Explore Amazing Places

Travel Safety

Travel Safety

Your Safety Is Our Utmost Concern

Explore Amazing Places specializes in travel to locations throughout Central and South America. Your safety is our priority. We recommend familiarizing yourself with any and all travel advisories listed by US Department of State .

 We have been leading tours for nearly 2 decades to these locations. In addition, we have lived extensively throughout some of these same locations. In hoping to balance the information listed by news agencies and the US Department of State, we have compiled information from US citizens currently living abroad in Central and South America. We recommend reading these first-hand accounts from individuals who enjoy the beauty and culture of life outside of the United States.

We were friends with a lady years ago who worked at the American Embassy and was in charge of dealing with American tourist’s problems. She told us that “Americans are statistically safer as tourists in Guatemala than as citizens in the U.S.” We do not have the statistics to state that today, but would not be surprised if it was still true. If there are international rumors or reports of danger about an area, there will often be fewer tourists, thus increasing much better availability of rooms, and honest welcomes by locals. We have learned over the years that it is very rare that any specific danger in any specific country is “everywhere”, and cannot be avoided. Tourism is certainly down this year, but that is the result of exactly the type of unrealistic fears I have been speaking of and that we have been traveling toward for 30 years (and are still here to tell the story).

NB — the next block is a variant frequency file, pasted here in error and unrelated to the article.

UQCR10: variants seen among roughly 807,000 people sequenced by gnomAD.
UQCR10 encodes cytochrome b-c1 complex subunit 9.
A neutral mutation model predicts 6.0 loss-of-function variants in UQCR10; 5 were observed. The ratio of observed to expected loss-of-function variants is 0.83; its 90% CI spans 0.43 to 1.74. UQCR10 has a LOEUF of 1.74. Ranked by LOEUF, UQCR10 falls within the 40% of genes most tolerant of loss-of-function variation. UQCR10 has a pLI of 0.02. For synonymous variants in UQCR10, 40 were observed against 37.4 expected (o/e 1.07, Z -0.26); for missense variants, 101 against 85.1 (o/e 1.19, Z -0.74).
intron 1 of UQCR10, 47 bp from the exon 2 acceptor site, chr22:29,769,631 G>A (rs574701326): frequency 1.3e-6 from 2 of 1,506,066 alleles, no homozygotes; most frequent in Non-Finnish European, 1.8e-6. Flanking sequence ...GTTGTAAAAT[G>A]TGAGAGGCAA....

— Resident - Lake Atitlan, Guatemala
Guatemala gets far too much undeserved bad press in the US, which causes some people to fear traveling here. I sometimes have US friends ask me about safety here. I tell them that I feel safer in Guatemala than I have in many US cities. I have lived and traveled extensively in Guatemala for more than eight years. I have driven to many parts of Guatemala, often by myself, and have never felt in any danger.
— Resident of Guatemala
I have lived in Antigua, Guatemala for 15 years. Regarding safety, I have never personally been robbed in either Guatemala City or here in Antigua. Regardless, my personal observation is that the town of Antigua has never been safer. Today, it is still common for banks, hotels and some other commercial businesses to employ armed guards for the safety of their businesses, employees and customers. It is very rare to see armed guards within restaurants, shops and other venues that the public visits. In recent years, all throughout the country there is a police presence. Here in Antigua there are Tourist Police, Local Police named the PMT and Federal Police. They are very visible and they patrol the streets on foot, bike, motorcycles and police vehicles. Incidents of danger to the public are rare. I can’t remember the last time I heard of an incident that affected the safety of tourists. Client safety is foremost on the minds of the well run tour operators and business establishments.

Having said all that, I strongly recommend to my clients to relax and enjoy the country but always be aware of their surroundings; no different than certain areas within our cities and towns back home. I recommend that our visitors conduct themselves in a fashion that diminishes their changes of becoming a victim of petty crime. Do not wear jewelry and protect your telephones and cameras. Do not walk the streets in a drunken fashion. All common sense tips.

Most recently there are notable questions and queries regarding the migrant caravans from Central America. These caravans have not affected Guatemala in any significant manner. From all accounts, these caravans have impacted Mexico much more than the originating countries of migration. Guatemala has been and still is a fine travel destination.
— Resident & Business Owner - Antigua, Guatemala
I have been with Explore Amazing Places over a dozen times to Guatemala, and also Honduras and Ecuador. Never once have I had the feeling of being in danger. None of my traveling companions ever felt that they were in harms way. Also noteworthy, if you go, you will have no regrets.
— Group Leader/Art Instructor - Guatemala & Ecuador